First, I think the current tutorial is beneficial enough to get anyone started with a decent understanding of RAML. That said, I am sure when the 1.0 spec is finalized, we’ll start to see a lot more documentation and tutorials around RAML, especially given the adoption of RAML.
There is a project in the Projects link to get you set up to use Sublime 3 with RAML syntax color highlighting, but unfortunately the only “ide” that offers some sort of code completion is the API Designer project. It’s not hard to set up if you follow that Github documentation, but it does limit you to using HTML 5 storage with no way to export the files short of copy/paste. It’s a shame they don’t add that feature to it. There is an alternative version of API Designer (forget the URL but it’s in a forum post somewhere around here) that a developer did to allow you to use Mongo DB and centralize the use of the API Designer project. I have that set up myself and it too leaves a lot to be desired, but does work by storing all the files in mongodb as well as provides info on how to set up a 2nd port to pull the files via GET calls to the urls. The primary issue with the API Designer is larger files cause it to get really sluggish, so if you can keep your RAML files small, you should be fine.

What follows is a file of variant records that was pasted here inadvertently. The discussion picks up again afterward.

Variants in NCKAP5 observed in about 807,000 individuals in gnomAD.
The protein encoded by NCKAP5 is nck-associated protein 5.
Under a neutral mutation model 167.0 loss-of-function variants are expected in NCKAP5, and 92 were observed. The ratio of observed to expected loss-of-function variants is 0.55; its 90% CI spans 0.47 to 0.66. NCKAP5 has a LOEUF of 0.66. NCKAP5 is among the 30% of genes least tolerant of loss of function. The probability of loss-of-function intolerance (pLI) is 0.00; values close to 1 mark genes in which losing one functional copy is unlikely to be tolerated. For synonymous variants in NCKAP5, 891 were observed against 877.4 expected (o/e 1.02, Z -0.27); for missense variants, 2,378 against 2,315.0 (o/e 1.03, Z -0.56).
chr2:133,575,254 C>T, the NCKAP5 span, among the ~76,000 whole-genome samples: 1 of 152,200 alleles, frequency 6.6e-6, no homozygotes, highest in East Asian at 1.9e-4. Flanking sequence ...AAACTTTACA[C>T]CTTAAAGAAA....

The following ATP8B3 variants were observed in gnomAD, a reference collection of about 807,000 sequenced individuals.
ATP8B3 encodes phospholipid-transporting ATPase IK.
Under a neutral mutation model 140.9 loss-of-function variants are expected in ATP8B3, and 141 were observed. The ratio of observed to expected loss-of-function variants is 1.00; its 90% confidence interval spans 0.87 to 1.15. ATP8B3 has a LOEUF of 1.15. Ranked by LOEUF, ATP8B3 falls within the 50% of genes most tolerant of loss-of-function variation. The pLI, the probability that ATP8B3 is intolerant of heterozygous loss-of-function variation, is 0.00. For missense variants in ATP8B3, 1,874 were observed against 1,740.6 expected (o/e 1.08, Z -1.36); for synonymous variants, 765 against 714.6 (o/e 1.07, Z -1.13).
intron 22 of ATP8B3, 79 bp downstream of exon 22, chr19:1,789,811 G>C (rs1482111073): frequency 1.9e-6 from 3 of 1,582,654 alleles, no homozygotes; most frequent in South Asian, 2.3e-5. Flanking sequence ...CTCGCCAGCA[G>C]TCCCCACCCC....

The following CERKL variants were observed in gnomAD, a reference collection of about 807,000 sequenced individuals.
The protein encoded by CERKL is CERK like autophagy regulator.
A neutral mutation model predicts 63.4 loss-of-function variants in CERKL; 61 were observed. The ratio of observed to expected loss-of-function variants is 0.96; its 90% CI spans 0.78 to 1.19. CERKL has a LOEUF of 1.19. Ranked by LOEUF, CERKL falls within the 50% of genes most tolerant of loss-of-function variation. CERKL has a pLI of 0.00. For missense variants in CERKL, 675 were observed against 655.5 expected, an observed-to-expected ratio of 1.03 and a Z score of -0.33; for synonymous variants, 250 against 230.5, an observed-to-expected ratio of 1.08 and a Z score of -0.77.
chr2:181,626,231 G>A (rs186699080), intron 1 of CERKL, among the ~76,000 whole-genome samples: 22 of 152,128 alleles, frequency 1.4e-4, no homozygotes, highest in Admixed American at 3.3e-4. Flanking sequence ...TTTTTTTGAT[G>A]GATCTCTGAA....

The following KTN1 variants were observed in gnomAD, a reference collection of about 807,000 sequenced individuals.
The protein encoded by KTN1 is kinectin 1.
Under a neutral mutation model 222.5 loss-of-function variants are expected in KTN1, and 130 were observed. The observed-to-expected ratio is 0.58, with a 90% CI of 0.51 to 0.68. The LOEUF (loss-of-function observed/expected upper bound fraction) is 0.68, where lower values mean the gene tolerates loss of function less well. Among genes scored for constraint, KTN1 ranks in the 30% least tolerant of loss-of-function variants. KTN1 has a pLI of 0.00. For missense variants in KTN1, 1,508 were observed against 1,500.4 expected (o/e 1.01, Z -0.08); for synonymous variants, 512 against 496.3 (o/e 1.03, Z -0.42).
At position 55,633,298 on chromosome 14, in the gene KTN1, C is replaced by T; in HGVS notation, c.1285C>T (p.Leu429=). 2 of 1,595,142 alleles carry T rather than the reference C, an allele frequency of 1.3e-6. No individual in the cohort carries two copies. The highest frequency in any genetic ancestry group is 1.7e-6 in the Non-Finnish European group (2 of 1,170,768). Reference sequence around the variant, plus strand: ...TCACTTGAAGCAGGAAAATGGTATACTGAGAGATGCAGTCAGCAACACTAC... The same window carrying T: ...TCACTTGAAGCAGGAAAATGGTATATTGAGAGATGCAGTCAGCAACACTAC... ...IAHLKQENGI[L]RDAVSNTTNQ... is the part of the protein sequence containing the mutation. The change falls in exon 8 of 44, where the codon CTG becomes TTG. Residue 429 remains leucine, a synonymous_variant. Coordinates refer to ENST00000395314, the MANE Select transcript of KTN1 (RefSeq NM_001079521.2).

As for API test automation, yes it is definitely possible. The goal of RAML, in my opinion, besides making it easier to “sculpt” API endpoints and documentation, is to use it as a single source of truth document. If you look at the various projects here, you will find php, python, ruby, java, and more in terms of SDK and/or server side code generation. While most of them are not stable and have some issues, it’s possible to use RAML for all these purposes. There is the ABAO test project that will test your RAML doc against a deployed implementation of the API the RAML doc describes. If you couple that with the JAX-RS code generator, for example, you could generate stub server side code, WAR it up, deploy it and then run ABAO against that to test that your RAML doc is implemented correctly. You can also use the RAML to generate unit tests that you then run with each build iteration or any change commits to a RAML doc.
The bigger issue besides waiting on the 1.0 spec to be released (and then wait for all the projects to get updated to use the 1.0 spec) is that most of the projects seemed to have started but not had much work done lately… leaving us to wonder if they are dead projects or are they all just stalled waiting for the 1.0 spec to come out before they get completed.
Please jump in and help us make RAML that much better. Adding a language adapter to spit out junit automation tests would be a great addition that would benefit everyone in the community.